Em finds her diagnosis (depression) liberating, useful and comforting, whereas Steph feels locked in and put in a box by her diagnosis (health anxiety) and finds herself often questioning: does the diagnosis control you or the other way around?

So, to unpack this topic a little we are talking to someone very special to me, my iddy biddy baby sister Sarah. Over the last 10 years, Sarah has struggled and fought damn hard for her life, and just a short time before we created this podcast at the young age of 23 she was diagnosed with bipolar disorder type 1. I think she is pretty inspirational; she has come up against some massive challenges and has done so with the stubborn toughness that anyone who knows Sarah will recognise. Although if you asked her, she would probably say she didn’t really do anything at all, everything is owed to the people around her, but isn’t that so classic? We never give ourselves the credit we are due!

Sarah, left, aged 3 and Em, right, aged 5

We welcomed Sarah to our virtual studio and began by asking her, what’s in her head today? Well, she has been giving up smoking so that’s about all she has room for she said.

We wanted to know; what is her current formal diagnosis? Sarah explained that she has been diagnosed with bipolar disorder, and that while there are many different types of bipolar disorder, type 1 is her specific diagnosis. For Sarah that means generally long episodes of depression, and then in between those episodes, periods of mania, or sometimes hypomania (similar to mania but without the more psychotic symptoms). Sarah is 23 now, and the first time she saw a mental health professional she was 13, however the diagnosis of bipolar didn’t come around until around 5 years ago.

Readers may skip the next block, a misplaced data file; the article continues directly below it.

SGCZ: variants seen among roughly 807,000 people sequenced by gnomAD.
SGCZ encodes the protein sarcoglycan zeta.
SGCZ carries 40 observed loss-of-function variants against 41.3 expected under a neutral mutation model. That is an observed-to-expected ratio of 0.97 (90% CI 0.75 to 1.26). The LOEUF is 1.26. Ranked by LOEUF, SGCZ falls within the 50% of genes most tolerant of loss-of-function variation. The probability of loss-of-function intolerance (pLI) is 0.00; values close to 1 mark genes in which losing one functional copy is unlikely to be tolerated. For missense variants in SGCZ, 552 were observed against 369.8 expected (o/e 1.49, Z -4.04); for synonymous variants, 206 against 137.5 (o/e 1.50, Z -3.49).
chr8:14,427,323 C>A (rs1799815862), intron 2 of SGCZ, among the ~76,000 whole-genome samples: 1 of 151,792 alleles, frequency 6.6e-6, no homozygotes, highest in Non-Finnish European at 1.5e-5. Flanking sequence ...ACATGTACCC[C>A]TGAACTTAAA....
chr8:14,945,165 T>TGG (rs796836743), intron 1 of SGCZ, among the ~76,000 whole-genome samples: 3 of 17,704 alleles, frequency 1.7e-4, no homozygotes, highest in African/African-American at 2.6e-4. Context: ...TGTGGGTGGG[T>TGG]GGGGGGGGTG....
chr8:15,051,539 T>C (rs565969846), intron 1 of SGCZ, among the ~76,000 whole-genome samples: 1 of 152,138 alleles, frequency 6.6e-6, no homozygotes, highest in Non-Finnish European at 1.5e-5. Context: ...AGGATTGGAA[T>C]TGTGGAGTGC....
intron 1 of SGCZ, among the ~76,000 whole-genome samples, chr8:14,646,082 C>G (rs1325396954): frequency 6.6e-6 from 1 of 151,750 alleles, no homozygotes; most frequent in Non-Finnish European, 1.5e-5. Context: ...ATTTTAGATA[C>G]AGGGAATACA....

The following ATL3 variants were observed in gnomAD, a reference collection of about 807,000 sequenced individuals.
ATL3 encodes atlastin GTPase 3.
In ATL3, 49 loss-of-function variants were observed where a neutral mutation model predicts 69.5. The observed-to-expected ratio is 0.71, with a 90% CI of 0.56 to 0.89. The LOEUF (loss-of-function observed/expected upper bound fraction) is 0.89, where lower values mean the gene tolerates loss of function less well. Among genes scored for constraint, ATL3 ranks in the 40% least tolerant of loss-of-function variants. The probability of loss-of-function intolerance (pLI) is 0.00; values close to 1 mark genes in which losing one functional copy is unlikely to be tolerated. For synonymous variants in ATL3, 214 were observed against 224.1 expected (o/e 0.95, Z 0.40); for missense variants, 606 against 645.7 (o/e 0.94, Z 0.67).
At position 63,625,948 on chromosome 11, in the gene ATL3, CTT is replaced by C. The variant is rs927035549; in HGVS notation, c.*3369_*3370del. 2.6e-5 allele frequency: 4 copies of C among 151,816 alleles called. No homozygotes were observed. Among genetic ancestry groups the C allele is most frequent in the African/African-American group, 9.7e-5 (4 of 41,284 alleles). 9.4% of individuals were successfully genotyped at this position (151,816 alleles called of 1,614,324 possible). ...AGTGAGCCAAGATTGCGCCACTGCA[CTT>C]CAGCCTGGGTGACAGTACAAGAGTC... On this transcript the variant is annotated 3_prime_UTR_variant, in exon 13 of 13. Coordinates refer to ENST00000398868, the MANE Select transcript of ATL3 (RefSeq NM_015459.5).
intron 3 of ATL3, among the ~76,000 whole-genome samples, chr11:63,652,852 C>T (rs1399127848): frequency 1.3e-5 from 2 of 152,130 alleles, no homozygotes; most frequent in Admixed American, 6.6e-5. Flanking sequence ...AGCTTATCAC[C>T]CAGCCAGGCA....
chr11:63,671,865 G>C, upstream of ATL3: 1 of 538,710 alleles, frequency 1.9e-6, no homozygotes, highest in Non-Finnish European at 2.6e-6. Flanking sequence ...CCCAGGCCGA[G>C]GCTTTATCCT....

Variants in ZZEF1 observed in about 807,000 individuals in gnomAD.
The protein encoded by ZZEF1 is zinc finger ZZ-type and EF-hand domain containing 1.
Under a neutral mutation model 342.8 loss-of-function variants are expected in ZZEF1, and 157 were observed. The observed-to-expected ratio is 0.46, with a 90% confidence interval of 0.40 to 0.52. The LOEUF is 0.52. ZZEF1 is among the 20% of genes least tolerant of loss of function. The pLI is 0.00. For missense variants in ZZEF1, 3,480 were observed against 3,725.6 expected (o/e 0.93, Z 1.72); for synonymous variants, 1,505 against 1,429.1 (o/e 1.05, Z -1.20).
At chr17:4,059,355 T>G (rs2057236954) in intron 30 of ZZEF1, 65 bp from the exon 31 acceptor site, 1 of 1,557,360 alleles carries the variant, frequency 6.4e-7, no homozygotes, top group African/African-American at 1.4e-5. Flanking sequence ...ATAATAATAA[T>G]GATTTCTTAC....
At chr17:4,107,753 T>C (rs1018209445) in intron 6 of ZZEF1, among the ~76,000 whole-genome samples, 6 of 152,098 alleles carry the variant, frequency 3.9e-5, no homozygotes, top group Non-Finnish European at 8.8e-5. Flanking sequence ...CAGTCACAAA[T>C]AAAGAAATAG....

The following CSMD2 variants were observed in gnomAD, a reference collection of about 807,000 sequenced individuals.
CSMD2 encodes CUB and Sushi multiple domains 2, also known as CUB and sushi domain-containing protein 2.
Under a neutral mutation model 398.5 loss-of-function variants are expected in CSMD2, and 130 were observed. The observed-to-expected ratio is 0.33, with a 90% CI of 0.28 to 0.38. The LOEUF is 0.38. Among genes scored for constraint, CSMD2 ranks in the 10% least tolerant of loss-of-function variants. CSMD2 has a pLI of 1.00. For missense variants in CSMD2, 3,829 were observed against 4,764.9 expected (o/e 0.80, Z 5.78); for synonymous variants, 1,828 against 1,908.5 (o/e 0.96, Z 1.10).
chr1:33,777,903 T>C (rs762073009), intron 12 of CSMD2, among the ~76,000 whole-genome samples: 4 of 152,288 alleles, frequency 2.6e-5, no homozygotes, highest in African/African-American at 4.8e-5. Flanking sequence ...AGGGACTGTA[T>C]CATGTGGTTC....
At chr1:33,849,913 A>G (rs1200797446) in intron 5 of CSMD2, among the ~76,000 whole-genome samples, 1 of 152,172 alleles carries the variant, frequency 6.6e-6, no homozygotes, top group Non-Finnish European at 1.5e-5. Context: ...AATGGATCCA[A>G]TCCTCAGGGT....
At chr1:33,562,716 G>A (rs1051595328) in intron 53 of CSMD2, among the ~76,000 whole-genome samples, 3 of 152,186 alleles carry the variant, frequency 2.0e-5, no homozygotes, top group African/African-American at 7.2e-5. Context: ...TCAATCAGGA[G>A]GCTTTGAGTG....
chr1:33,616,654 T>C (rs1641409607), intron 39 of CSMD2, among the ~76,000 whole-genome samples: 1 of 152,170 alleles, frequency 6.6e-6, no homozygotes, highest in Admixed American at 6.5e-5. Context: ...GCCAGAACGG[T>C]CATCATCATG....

On asking her if she remembered the first time she felt like her brain worked a little differently, she said the first time she had suicidal thoughts was when she was around 12 years old which definitely felt weird at the time, she remembers feeling as though there was something wrong with her brain. Steph followed on by asking; Was that a time when it flagged in her mind that there was something mental health related going on, or was there perhaps things leading up to the suicidal thoughts, even that she couldn’t quite put her finger on. Sarah said that yes, while that was the first time she felt that she had a problem regardless of other warning signs or precursors there may have been, but she wasn’t ready to talk about it yet.